Pastrana Gives It the Once Over, Twice

Times Staff Writer

The anticipation had been building for three years, but began in earnest Friday with only two riders remaining before Travis Pastrana revved his Suzuki for the final time.

The X Games’ favorite son had the super-kicker ramp, which was used only once in 17 previous jumps by his nine opponents, moved back eight feet and raised an extra foot.

By the time it was his turn to end the moto X best-trick competition, arena personnel were working on the landing area, digging it up, softening it for a worst-case scenario.


And everyone knew what was coming.

Like the consummate entertainer -- the Evel Knievel of his generation -- Pastrana landed a double back flip, the first ever in any competition, providing a signature moment in X Games history.

Because of the fear factor, it matched the 900-degree spin by Tony Hawk in a skateboard competition in 1999, and it raised the competitive bar unreasonably high.

Pastrana, a 22-year-old from Annapolis, Md., landed cleanly, threw his motorcycle down, ran to the top of the landing area and thrust his arms into the air.

Literally, figuratively, he was king of the mountain.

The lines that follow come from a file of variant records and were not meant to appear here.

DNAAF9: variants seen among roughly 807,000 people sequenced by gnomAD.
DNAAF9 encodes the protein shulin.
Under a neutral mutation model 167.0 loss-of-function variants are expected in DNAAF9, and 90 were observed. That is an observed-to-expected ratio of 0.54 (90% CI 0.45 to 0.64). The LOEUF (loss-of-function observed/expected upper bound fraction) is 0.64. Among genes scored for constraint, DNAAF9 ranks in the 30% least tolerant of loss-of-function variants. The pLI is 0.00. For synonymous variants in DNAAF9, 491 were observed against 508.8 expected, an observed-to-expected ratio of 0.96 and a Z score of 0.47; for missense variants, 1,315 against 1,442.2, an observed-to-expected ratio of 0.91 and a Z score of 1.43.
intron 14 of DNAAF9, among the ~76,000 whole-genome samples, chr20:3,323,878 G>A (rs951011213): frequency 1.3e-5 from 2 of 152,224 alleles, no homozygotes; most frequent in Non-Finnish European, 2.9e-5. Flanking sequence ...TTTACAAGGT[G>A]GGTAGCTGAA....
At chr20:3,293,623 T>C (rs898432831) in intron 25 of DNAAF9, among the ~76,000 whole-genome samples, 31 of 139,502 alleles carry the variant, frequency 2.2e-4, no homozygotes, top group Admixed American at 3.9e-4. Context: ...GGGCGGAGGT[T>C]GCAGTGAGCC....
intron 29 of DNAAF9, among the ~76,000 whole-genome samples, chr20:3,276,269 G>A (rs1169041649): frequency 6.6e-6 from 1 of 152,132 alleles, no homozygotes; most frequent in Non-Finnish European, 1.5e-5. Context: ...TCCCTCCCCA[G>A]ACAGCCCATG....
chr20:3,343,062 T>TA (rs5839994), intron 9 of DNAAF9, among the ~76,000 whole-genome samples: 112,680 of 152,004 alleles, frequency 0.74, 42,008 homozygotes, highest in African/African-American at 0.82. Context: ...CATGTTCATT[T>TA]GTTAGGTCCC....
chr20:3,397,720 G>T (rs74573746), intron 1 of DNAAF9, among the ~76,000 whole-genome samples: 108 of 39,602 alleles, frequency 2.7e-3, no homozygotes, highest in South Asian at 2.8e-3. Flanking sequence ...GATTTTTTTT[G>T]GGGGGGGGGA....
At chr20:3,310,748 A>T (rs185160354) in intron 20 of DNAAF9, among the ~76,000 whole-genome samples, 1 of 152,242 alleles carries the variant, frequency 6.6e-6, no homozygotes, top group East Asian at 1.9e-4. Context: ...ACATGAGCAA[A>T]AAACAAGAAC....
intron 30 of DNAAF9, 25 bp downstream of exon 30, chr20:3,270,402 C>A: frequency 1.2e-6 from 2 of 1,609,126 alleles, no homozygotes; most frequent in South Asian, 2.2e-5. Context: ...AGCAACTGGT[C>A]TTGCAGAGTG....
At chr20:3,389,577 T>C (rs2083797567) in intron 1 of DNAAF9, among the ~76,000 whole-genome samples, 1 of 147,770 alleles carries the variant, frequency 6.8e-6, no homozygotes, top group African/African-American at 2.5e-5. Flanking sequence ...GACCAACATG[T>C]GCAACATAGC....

“I don’t think there is a trick that can top it right now,” said Australian Blake Williams, who took third place. “It was pretty cool.”

But Pastrana’s defining moment was not perfect. The crowd inside Staples Center watched the scoreboard, expecting a perfect score of 100.0 -- they already knew he had secured his sixth gold medal -- but Pastrana received a 98.6, slightly less than the X Games record 99.5 he scored in the freestyle competition in 1999 at San Francisco.

Pastrana, third after the first round of jumps, was fourth going into his final attempt.

“The fact I was in fourth secured my decision [to attempt the double back flip], although I did play ‘rock, paper, scissors,’ ” he said.

“I know that rock always wins, and for some reason, I came up with scissors. So it was game-on.”

Pastrana had his doubts, right up to the last moment.

“I was pretty sure I wasn’t going to land it, but was confident enough that I could get close enough that I would live to try another day,” he said.

It didn’t start off exactly as he had planned; he went too far forward once he left the lip of the ramp.

“I thought, ‘Ah, it stopped momentum,’ ” he recalled. “It didn’t slow it down too much ... but in the foam pit, that means I’m on my way upside down.... I gave it everything I had. The next thing I’m going to feel is the dirt, if I feel anything. By miracle, I saw the ground, right at the last second I pulled it in. I’m like, ‘Wow, I can’t believe that actually worked.’ ”

Pastrana said he needed to get about 45 feet in the air to complete the jump, which he had completed only once before, on dirt and during a practice.

Although these games were already special to Pastrana because he is competing in his newest passion, rally racing, and is competing against former World Rally Champion Colin McRae, Friday will be tough to top.

“That,” Pastrana said, “was the coolest thing I’ve ever done in my life.”